WASHINGTON -- The Democratic chairman of the Senate Finance Committee proposed a $72 billion tax cut package yesterday aimed at giving recession-weary middle-class families a quick lift.
"We need a growth package, and that's what I'm offering," said Sen. Lloyd Bentsen of Texas. The economy, he warned, "is still dead in the water."
Mr. Bentsen's move comes amid rumblings that a bidding war over tax cuts may be about to begin. "You have a consensus that something should be done," said a House Ways and Means Committee staffer. "But you don't have a consensus on what that something should be."
Antsy Republicans are urging President Bush to introduce a tax cut plan soon in the hope of silencing Democratic cries that the White House is indifferent to the country's lingering economic misery. Any Bush plan is likely to include his much-desired capital gains tax cut.
In the House, activist Democrats are trying to persuade Ways and Means Chairman Dan Rostenkowski, D-Ill., to push through a middle-class tax cut. Unlike Mr. Bentsen, House Democrats seek to settle a score from the high-flying '80s by raising taxes on the rich.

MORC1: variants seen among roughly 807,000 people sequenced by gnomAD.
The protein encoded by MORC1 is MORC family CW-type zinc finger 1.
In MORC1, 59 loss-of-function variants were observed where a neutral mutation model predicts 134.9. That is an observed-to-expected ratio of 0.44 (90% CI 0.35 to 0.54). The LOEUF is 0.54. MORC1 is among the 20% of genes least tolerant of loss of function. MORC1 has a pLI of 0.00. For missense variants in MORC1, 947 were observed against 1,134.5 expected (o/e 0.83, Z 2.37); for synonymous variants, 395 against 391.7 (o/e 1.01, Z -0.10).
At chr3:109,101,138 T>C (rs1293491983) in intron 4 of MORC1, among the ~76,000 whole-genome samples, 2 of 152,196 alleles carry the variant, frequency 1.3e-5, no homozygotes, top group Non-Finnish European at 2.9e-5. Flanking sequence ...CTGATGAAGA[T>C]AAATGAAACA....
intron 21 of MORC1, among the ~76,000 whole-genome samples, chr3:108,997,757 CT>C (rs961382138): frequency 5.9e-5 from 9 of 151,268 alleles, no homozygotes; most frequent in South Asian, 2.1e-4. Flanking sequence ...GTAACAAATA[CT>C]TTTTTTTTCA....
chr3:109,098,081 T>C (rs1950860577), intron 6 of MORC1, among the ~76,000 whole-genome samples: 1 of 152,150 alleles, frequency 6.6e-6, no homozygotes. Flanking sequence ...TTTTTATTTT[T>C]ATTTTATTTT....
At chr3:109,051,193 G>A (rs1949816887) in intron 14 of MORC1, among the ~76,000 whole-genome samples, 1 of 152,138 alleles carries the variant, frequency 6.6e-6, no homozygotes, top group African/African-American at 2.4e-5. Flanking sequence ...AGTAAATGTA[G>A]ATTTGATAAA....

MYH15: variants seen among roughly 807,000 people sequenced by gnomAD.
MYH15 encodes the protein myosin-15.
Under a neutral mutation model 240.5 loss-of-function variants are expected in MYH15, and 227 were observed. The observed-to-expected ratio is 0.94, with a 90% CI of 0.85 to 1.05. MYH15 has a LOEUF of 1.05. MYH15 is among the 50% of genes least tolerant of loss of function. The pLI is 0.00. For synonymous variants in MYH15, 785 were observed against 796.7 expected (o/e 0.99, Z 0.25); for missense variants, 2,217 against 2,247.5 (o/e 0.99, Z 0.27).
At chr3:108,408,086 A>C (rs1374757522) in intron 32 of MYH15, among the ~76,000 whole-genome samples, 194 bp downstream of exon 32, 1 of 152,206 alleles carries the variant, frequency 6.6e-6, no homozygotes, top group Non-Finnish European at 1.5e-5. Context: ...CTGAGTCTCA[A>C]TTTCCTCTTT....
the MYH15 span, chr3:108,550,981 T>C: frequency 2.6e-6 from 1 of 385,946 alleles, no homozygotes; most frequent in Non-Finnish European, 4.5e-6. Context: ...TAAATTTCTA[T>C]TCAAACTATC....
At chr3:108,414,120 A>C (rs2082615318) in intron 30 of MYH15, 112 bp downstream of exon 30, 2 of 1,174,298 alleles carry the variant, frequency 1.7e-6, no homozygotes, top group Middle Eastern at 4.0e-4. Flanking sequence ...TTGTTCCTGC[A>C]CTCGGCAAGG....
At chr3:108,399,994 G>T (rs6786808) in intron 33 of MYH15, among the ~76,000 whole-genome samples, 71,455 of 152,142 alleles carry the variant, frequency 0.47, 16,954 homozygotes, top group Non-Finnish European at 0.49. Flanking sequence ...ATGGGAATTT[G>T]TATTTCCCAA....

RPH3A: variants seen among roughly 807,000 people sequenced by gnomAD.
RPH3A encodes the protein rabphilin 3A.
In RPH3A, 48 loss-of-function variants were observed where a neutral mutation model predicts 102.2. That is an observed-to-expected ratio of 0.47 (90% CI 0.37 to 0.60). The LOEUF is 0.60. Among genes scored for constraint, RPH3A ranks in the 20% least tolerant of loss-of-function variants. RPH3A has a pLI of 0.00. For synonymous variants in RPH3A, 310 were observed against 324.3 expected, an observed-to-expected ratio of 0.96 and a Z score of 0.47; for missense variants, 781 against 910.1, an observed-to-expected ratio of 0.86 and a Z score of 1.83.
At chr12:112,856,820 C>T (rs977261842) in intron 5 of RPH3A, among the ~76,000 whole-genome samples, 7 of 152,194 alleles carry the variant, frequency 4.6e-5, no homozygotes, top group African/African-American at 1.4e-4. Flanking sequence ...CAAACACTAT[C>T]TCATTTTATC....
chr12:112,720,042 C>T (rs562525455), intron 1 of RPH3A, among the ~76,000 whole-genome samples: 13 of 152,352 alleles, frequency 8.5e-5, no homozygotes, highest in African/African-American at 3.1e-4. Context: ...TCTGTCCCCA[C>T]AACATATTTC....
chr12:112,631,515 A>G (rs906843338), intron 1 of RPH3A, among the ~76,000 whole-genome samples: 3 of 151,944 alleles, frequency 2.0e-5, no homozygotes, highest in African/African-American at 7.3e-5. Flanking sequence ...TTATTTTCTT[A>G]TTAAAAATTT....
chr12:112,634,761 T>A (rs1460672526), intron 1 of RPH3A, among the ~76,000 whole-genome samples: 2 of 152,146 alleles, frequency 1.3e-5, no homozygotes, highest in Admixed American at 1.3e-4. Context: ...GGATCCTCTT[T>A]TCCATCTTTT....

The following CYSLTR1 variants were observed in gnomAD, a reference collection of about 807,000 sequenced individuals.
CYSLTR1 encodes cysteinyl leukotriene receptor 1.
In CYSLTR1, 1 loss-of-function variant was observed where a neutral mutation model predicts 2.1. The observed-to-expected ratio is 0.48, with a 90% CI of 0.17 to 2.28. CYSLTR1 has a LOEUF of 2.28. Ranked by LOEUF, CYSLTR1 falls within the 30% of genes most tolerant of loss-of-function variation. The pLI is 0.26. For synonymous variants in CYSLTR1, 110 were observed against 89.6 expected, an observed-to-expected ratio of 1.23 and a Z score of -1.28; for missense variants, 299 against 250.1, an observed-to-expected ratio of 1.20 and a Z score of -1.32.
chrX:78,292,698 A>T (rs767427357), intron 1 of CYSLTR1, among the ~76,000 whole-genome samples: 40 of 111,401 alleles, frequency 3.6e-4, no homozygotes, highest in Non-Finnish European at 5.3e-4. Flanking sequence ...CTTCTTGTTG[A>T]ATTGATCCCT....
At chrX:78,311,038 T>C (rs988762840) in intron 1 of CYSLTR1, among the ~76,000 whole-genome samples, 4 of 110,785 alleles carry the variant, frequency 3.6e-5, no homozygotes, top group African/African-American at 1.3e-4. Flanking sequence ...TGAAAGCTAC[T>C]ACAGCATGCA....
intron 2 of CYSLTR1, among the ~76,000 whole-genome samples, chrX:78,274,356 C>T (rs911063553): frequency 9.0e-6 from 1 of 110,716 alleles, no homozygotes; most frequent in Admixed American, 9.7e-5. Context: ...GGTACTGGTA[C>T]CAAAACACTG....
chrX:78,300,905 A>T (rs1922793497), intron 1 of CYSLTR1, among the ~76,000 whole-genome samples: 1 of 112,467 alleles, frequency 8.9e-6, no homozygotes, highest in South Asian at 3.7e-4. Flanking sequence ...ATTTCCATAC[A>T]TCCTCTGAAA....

Mr. Bentsen seemed more interested in economic pump priming than in class issues.
His plan would combine two proposals with populist appeal: a $300 tax credit for each child in a family under age 18 and expanded individual retirement accounts.
IRAs would be changed to allow withdrawals for buying a first home, paying college tuition and steep medical costs. Income restrictions on who can contribute to the tax-advantaged retirement accounts would end.
"One of the biggest deterrents to coming out of this recession is consumer pessimism -- they have neither the will nor the wallet to spend money," Mr. Bentsen said on CBS' "Face the Nation."
A family of four making $35,000 would see its tax bill cut by 25 percent, Mr. Bentsen said.
"This [plan] would give you a short-term stimulus for middle-income America, the worst hit in this situation," he added.
Mr. Bentsen would pay the five-year $72.5 billion tab using another popular prescription: a 5 percent cut in defense spending in each of the next five years.
"I think the taxpayers ought to have at least 5 percent . . . of that peacetime dividend that we're talking about," he said.
The plan would require changing last year's budget agreement, which permits cuts in defense spending only to reduce the deficit.
Mr. Bentsen said that he would like to see the package become law by Jan. 1. That's a difficult target to meet, because revenue bills must originate in the House and Mr. Rostenkowski is reluctant to undertake major tax changes with an arbitrary deadline adding to the pressure.
Appearing on ABC's "This Week," White House Chief of Staff John H. Sununu sidestepped a question on the Bentsen plan by putting in a plug for Mr. Bush's long-stalled capital gains tax cut.
A House Democratic leadership aide said Democrats in that chamber were committed to a middle-class tax cut but didn't want to give up the battle cry of raising taxes on the rich.